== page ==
Leutrol - General Information:Leukotrienes are substances that induce numerous biological effects including augmentation of neutrophil and eosinophil migration, neutrophil and monocyte aggregation, leukocyte adhesion, increased capillary permeability, and smooth muscle contraction. These effects contribute to inflammation, edema, mucus secretion, and bronchoconstriction in the airways of asthmatic patients. Leutrol relieves such symptoms through its selective inhibition of 5-lipoxygenase, the enzyme that catalyzes the formation of leukotrienes from arachidonic acid. Specifically, it inhibits leukotriene LTB4, LTC4, LTD4, and LTE4 formation. Both the R(+) and S(-) enantiomers are pharmacologically active as 5-lipoxygenase inhibitors in in vitro systems.
Pharmacology:Leutrol is an asthma drug. It blocks leukotriene synthesis by inhibiting 5-lipoxygenase, an enzyme of the eicosanoid synthesis pathway. Sulfido-peptide leukotrienes (LTC4, LTD4, LTE4, also known as the slow-releasing substances of anaphylaxis) and LTB4, a chemoattractant for neutrophils and eosinophils, can be measured in a number of biological fluids including bronchoalveolar lavage fluid (BALF) from asthmatic patients. In humans, pretreatment with zileuton attenuated bronchoconstriction caused by cold air challenge in patients with asthma.
Leutrol for patients
Patients should be told that:
- ZYFLO is indicated for the chronic treatment of asthma and should be taken regularly as prescribed, even during symptom-free periods.
- ZYFLO is not a bronchodilator and should not be used to treat acute episodes of asthma.
- When taking ZYFLO, they should not decrease the dose or stop taking any other antiasthma medications unless instructed by a physician.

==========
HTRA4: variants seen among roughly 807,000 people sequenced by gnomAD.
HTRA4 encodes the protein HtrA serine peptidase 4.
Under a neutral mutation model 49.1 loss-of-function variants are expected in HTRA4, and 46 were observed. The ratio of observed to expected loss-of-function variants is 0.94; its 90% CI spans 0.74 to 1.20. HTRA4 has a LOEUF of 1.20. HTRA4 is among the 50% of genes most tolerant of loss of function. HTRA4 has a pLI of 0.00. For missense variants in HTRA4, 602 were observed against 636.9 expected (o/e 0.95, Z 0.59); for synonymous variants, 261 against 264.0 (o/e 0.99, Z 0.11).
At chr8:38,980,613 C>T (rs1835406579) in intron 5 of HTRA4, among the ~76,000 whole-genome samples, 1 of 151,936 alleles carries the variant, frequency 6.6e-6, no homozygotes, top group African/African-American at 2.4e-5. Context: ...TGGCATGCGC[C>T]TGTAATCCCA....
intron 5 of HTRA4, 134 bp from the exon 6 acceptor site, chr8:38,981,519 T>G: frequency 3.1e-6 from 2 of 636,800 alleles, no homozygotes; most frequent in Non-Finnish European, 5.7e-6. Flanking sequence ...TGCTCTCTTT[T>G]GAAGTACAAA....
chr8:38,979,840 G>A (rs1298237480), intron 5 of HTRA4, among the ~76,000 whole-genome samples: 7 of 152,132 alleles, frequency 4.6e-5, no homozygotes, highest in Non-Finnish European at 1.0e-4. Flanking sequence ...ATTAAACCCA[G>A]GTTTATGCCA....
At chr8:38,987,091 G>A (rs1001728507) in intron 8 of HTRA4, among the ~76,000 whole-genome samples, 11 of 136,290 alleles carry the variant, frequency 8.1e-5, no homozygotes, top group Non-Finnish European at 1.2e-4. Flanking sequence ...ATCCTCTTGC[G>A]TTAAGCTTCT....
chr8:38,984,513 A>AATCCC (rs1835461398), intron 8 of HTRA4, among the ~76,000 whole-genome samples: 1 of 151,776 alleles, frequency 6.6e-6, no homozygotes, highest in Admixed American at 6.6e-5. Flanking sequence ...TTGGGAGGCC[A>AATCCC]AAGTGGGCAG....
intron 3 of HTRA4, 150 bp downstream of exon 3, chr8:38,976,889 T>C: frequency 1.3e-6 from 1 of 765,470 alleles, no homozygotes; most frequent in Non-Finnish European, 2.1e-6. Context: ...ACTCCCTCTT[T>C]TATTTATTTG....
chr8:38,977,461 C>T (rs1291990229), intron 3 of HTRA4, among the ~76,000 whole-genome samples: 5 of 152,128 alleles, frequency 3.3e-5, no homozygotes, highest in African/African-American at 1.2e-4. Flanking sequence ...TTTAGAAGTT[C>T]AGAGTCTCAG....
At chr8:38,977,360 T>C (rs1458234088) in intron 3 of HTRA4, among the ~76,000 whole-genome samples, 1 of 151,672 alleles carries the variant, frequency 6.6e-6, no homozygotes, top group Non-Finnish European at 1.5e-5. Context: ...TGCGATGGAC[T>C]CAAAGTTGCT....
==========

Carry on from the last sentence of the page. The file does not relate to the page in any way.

- While using ZYFLO, medical attention should be sought if short-acting bronchodilators are needed more often than usual, or if more than the maximum number of inhalations of short-acting bronchodilator treatment prescribed for a 24-hour period are needed.
- The most serious side effect of ZYFLO is elevation of liver enzyme tests and that, while taking ZYFLO, they must return for liver enzyme test monitoring on a regular basis. If they experience signs and/or symptoms of liver dysfunction (e.g., right upper quadrant pain, nausea, fatigue, lethargy, pruritus, jaundice, or "flu-like" symptoms), they should contact their physician immediately.
- ZYFLO can interact with other drugs and that, while taking ZYFLO, they should consult their doctor before starting or stopping any prescription or non-prescription medicines.
A patient leaflet is included with the tablets.
In a drug-interaction study in 16 healthy volunteers, co-administration of multiple doses of zileuton (800 mg every 12 hours) and theophylline (200 mg every 6 hours) for 5 days resulted in a significant decrease (approximately 50%) in steady-state clearance of theophylline, an approximate doubling of theophylline A.C. and an increase in theophylline Cmax (by 73%). The elimination half-life of theophylline was increased by 24%. Also, during co-administration, theophylline-related adverse events were observed more frequently than after theophylline alone. Upon initiation of ZYFLO in patients receiving theophylline, the theophylline dosage should be reduced by approximately one-half and plasma theophylline concentrations monitored. Similarly, when initiating therapy with theophylline in a patient receiving ZYFLO, the maintenance dose and/or dosing interval of theophylline should be adjusted accordingly and guided by serum theophylline determinations .
Concomitant administration of multiple doses of ZYFLO (600 mg every 6 hours) and warfarin (fixed daily dose obtained by titration in each subject) to 30 healthy male volunteers resulted in a 15% decrease in R-warfarin clearance and an increase in AUC of 22%. The pharmacokinetics of S-warfarin were not affected. These pharmacokinetic changes were accompanied by a clinically significant increase in prothrombin times. Monitoring of prothrombin time, or other suitable coagulation tests, with the appropriate dose titration of warfarin is recommended in patients receiving concomitant ZYFLO and warfarin therapy .